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Training Tip: Tracking down TFRsTraining Tip: Tracking down TFRs

When a wildfire broke out on a 200-acre island in Lake Michigan after a lightning strike, a U.S. Forest Service helicopter was brought in to aid in the effort to knock down the flames that boaters could see from “a considerable distance across the lake,” according to news reports.

Poverty Island notam imagePart of the process of keeping that aerial operation safe was for the FAA to order a temporary flight restriction—a TFR— from the surface to 3,000 feet mean sea level, effective over a period of 23 days, as the notam about the operation recently appeared on the FAA’s online list of TFRs.

That list, which a pilot can sort by a range of parameters including state, facility, TFR type, notam number, or TFR description, is a must-see item for pilots planning local and cross-country flights, and a must for updates on a TFR’s dimensions or effective times before a flight gets under way.

From firefighting operations and airshows to flight hazards and areas of security concern on the ground, TFRs are put into effect for a wide variety of reasons, and in places as diversely distributed as remote islands and the largest of major metropolitan areas.

Some TFRs can be extremely complex in nature, requiring pilots to give them careful scrutiny, as AOPA advised aviators when reporting on the TFRs to be in effect for the national conventions of the Republican and Democratic parties in Cleveland and Philadelphia, respectively. AOPA is participating with authorities in an extensive outreach program to inform pilots about the TFRs in an effort to enhance safety and head off incursions of restricted airspace.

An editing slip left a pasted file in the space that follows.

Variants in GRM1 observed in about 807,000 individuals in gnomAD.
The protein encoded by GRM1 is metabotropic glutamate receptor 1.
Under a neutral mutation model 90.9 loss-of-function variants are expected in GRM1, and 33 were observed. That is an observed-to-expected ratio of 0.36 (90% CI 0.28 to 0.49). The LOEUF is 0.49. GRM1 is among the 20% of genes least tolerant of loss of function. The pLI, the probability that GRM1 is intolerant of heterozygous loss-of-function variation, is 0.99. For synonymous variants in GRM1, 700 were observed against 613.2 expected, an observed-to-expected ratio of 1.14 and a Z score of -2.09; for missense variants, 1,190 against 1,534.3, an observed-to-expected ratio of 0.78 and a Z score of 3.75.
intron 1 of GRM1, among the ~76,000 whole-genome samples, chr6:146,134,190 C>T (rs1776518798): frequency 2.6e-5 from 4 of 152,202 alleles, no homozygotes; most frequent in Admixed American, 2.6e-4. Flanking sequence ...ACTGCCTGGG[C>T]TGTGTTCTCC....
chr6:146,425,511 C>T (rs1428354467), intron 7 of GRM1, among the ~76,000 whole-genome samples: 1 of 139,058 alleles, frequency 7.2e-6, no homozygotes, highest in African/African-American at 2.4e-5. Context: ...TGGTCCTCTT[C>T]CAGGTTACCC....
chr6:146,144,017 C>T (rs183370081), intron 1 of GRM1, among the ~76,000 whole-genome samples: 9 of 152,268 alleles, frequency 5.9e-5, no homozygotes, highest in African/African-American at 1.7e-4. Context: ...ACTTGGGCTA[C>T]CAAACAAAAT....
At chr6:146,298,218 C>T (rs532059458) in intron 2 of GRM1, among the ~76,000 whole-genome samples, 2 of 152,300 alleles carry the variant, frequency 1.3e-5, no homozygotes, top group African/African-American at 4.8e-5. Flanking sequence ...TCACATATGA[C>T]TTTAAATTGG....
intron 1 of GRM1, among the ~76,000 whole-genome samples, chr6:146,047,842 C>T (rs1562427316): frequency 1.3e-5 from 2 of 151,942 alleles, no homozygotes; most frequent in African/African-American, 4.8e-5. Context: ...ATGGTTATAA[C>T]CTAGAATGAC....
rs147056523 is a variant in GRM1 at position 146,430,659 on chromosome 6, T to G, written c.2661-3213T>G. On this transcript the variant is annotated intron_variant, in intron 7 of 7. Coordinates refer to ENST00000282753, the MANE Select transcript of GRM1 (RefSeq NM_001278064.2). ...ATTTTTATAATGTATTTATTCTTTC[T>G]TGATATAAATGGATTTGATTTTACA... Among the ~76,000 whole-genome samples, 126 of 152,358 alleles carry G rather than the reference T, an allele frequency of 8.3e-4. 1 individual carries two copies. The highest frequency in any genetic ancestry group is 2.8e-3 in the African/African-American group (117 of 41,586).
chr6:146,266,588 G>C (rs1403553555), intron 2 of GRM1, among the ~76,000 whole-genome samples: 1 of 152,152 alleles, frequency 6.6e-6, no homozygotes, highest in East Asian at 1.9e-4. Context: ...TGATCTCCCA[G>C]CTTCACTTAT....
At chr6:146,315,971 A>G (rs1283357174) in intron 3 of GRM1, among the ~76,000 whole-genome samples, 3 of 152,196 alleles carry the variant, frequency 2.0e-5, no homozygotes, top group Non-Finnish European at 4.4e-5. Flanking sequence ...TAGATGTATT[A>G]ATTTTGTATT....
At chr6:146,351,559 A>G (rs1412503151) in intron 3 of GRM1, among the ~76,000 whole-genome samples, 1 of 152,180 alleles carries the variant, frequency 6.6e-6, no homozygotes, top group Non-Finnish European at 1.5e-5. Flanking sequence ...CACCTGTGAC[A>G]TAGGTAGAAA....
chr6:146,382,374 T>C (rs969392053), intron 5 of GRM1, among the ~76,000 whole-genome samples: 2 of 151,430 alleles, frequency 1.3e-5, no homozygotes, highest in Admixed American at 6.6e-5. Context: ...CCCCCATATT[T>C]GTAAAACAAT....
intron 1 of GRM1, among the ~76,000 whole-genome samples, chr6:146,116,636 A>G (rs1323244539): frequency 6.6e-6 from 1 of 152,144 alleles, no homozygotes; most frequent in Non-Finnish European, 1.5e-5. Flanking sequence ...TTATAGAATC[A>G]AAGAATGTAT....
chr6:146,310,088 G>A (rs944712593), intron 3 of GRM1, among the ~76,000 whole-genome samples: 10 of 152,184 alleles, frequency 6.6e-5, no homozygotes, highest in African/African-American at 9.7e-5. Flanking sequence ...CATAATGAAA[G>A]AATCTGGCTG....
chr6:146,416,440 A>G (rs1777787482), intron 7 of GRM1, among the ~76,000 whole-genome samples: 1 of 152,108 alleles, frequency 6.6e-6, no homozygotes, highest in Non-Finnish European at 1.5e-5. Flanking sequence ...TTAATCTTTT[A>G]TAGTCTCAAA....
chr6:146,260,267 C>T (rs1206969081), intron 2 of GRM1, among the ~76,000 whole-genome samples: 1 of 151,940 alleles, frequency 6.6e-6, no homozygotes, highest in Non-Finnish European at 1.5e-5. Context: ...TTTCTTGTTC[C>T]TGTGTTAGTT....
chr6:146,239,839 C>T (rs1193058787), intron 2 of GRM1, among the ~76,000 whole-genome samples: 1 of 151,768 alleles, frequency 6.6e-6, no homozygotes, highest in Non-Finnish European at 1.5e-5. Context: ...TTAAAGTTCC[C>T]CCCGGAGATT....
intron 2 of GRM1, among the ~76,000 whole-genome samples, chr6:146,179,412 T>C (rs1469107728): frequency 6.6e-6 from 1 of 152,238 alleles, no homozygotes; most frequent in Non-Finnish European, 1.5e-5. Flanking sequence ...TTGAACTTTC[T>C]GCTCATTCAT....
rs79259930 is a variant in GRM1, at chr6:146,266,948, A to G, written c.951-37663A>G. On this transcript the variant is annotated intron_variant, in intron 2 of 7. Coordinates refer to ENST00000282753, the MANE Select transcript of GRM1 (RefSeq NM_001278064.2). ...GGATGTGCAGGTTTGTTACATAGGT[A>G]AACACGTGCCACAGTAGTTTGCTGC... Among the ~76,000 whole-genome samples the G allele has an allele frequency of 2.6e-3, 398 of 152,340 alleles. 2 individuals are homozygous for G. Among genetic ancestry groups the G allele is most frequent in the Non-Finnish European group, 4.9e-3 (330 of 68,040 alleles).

One unfamiliar item for many student pilots inspecting TFR listings is the three-letter facility identifier that appears after the date and notam number of the TFRs on the FAA’s list. For example, the notam for the firefighting TFR on Lake Michigan refers to “FDC 6/6857 ZMP MI.”

The identifier ZMP refers to the Minneapolis Air Route Traffic Control Center (ARTCC), which is the FAA’s coordination facility for the operation, as explained in the notam text.

Do you know the identifier for the ARTCC in the area where you fly? You can locate it in flight information publications, request it from flight service during your next preflight briefing, or find it using this search tool and a search term such as “artcc.”

Dan Namowitz

Dan Namowitz

Associate Editor Web
Associate Editor Web Dan Namowitz has been writing for AOPA in a variety of capacities since 1991. He has been a flight instructor since 1990 and is a 30-year AOPA member.
Topics: Temporary Flight Restriction, FAA publications, Notams
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